Proposal Title

How much stress is enough for students when re-designing the curriculum and courses?

Session Type

Panel Discussion

Room

P&A 148

Start Date

7-7-2017 10:45 AM

Keywords

stress, learning, course re-design, barriers to learning

Primary Threads

Teaching and Learning Science

Abstract

Although originally described for second language acquisition, Stephen Krashen hypothesized that learning can be impeded by emotional variables that act as learning "acquisition filters" and that the largest emotional component involves stress (Krashen, 1982). Still other research has shown that some psychological stress can be beneficial for overcoming challenges but high levels of stress are detrimental to the cognitive domain of memory and recall (Tomaka et al., 1997). In light of these contrasting views of the importance and impact of stress, how do educators and administrators take in to account student stress within courses and the impact on their learning? Should all programs and courses undertake to lower "stress barriers" to enhance learning or would this negatively impact other forms of learning in a course or program? What is the student viewpoint on how courses and curricula could be re-designed? Should instructors and programs/departments even be concerned with managing stress levels for students? In this panel, we will identify both common and uncommon student stressors, highlight some of the corresponding changes made at the 3rd year level in the neuroscience program, the successes and challenges and how this relates to student mental health. Although the primary outcome of this panel discussion is to create discourse around the suggested topics listed above, we hope to engage the broader teaching community across disciplines in issues related to the impact of student stress and also allow time for participants to identify both visible and invisible student stressors, network with other participants and to continue these discussions within their own units.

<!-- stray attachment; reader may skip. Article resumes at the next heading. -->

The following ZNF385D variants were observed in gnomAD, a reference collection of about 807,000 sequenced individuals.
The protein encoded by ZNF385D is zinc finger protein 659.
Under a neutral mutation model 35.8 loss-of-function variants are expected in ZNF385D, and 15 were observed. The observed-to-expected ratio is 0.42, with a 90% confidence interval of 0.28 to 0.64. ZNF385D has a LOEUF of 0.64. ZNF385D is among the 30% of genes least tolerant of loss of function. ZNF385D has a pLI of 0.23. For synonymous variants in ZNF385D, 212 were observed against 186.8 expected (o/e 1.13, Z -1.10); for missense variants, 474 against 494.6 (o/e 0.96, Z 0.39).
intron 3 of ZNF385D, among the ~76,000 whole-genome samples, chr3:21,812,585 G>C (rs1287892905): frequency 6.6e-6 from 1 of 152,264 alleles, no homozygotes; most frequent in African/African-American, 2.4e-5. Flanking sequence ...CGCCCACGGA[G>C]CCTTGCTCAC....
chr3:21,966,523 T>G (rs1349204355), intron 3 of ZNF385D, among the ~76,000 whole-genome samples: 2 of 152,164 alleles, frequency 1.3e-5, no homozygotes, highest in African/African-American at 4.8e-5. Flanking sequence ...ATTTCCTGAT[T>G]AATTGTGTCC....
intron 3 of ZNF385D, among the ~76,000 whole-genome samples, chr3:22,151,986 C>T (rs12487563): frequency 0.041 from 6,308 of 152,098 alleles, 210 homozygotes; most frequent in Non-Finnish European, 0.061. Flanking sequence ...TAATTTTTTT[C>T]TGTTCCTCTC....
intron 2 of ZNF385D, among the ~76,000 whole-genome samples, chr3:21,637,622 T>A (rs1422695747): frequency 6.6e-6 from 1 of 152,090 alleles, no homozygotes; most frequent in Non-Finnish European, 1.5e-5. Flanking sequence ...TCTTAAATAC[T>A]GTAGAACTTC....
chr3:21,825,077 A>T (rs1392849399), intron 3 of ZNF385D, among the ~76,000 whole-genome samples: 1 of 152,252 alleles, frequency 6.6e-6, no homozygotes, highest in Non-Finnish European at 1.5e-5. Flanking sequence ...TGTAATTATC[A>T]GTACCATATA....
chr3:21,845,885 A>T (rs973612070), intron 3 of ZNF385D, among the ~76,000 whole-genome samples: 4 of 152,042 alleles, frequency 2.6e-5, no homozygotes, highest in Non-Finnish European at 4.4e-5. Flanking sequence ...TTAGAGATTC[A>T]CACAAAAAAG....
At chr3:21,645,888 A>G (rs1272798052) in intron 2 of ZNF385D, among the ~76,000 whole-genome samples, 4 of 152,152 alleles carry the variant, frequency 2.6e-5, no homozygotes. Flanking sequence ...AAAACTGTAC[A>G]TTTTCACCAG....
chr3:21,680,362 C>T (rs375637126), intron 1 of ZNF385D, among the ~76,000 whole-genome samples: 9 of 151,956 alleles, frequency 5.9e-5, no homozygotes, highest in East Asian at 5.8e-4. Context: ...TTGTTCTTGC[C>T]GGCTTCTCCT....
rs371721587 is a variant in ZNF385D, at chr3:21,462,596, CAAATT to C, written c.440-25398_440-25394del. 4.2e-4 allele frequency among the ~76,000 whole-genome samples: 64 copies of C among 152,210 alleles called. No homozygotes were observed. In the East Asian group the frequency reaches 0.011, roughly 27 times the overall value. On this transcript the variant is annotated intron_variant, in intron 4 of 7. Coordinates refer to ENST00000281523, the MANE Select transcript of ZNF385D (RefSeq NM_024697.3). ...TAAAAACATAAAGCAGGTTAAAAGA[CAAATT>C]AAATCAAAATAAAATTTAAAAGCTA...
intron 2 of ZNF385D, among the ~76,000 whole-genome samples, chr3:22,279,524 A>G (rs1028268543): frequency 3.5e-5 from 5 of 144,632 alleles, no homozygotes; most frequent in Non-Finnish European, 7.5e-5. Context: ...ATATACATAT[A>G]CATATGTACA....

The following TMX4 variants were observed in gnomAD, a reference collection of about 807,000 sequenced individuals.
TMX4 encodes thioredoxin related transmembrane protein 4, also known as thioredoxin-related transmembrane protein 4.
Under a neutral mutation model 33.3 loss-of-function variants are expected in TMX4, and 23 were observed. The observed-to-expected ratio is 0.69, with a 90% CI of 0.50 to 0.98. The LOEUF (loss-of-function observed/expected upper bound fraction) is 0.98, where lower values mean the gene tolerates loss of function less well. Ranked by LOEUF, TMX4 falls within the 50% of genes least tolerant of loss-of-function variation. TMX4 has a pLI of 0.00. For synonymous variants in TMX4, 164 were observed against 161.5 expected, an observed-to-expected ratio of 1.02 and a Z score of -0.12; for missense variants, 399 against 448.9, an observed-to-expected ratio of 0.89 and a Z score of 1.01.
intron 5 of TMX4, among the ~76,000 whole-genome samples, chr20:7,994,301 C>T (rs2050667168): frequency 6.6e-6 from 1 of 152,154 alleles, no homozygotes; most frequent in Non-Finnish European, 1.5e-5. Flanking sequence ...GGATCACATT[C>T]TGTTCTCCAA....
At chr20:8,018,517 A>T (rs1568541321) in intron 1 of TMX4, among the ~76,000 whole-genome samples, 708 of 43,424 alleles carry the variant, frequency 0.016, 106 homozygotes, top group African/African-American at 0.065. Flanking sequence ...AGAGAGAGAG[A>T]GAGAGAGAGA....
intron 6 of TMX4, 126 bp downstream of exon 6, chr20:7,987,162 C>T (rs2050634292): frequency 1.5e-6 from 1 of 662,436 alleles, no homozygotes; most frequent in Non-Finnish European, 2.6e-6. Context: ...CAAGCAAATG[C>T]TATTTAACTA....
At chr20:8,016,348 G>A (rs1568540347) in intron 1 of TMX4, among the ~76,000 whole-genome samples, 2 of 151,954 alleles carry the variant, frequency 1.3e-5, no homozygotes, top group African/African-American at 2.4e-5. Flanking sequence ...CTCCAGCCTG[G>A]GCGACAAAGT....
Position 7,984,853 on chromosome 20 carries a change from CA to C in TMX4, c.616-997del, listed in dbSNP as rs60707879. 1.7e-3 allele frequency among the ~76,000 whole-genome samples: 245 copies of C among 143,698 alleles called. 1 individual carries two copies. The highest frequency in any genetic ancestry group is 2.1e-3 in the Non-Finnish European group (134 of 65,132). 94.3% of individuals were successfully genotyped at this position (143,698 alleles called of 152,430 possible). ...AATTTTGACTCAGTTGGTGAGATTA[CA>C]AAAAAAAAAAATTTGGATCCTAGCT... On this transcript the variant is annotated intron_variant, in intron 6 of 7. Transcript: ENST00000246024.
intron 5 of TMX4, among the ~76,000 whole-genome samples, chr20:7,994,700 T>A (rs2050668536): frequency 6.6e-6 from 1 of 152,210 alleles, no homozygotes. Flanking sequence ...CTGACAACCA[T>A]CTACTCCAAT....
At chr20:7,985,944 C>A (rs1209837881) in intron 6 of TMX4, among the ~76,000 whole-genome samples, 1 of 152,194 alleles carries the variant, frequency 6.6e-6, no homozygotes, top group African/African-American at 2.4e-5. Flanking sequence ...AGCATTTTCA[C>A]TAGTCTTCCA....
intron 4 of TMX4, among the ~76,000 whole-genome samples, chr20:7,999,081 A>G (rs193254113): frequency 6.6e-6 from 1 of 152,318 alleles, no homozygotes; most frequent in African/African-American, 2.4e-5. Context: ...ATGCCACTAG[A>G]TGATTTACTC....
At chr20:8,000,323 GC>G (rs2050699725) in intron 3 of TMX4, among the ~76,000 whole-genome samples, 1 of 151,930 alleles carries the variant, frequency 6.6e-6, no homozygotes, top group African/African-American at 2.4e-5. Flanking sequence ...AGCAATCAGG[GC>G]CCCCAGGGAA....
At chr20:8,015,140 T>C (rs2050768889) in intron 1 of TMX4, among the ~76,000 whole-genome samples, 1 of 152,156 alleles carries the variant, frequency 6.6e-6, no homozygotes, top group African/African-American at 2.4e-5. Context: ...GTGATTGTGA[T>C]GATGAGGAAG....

Krashen (1982). Principles and practice in second language acquisition. Permagon.

Tomaka et al. (1997). Journal of Personality and Social Psychology, 73(1), 63-72.

Elements of Engagement

  • This will be run as an interactive panel where individuals will be asked to identify what they believe are barriers to student learning, what stressors are common to undergraduate students
  • We will provide an online worksheet that will be filled out by participants in this panel discussion


WE WOULD LOVE TO HAVE OTHER INSTITUTIONAL PARTNERS WHO MIGHT BE INTERESTED IN SIMILAR TOPICS

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Jul 7th, 10:45 AM

How much stress is enough for students when re-designing the curriculum and courses?

P&A 148

Although originally described for second language acquisition, Stephen Krashen hypothesized that learning can be impeded by emotional variables that act as learning "acquisition filters" and that the largest emotional component involves stress (Krashen, 1982). Still other research has shown that some psychological stress can be beneficial for overcoming challenges but high levels of stress are detrimental to the cognitive domain of memory and recall (Tomaka et al., 1997). In light of these contrasting views of the importance and impact of stress, how do educators and administrators take in to account student stress within courses and the impact on their learning? Should all programs and courses undertake to lower "stress barriers" to enhance learning or would this negatively impact other forms of learning in a course or program? What is the student viewpoint on how courses and curricula could be re-designed? Should instructors and programs/departments even be concerned with managing stress levels for students? In this panel, we will identify both common and uncommon student stressors, highlight some of the corresponding changes made at the 3rd year level in the neuroscience program, the successes and challenges and how this relates to student mental health. Although the primary outcome of this panel discussion is to create discourse around the suggested topics listed above, we hope to engage the broader teaching community across disciplines in issues related to the impact of student stress and also allow time for participants to identify both visible and invisible student stressors, network with other participants and to continue these discussions within their own units.

Krashen (1982). Principles and practice in second language acquisition. Permagon.

Tomaka et al. (1997). Journal of Personality and Social Psychology, 73(1), 63-72.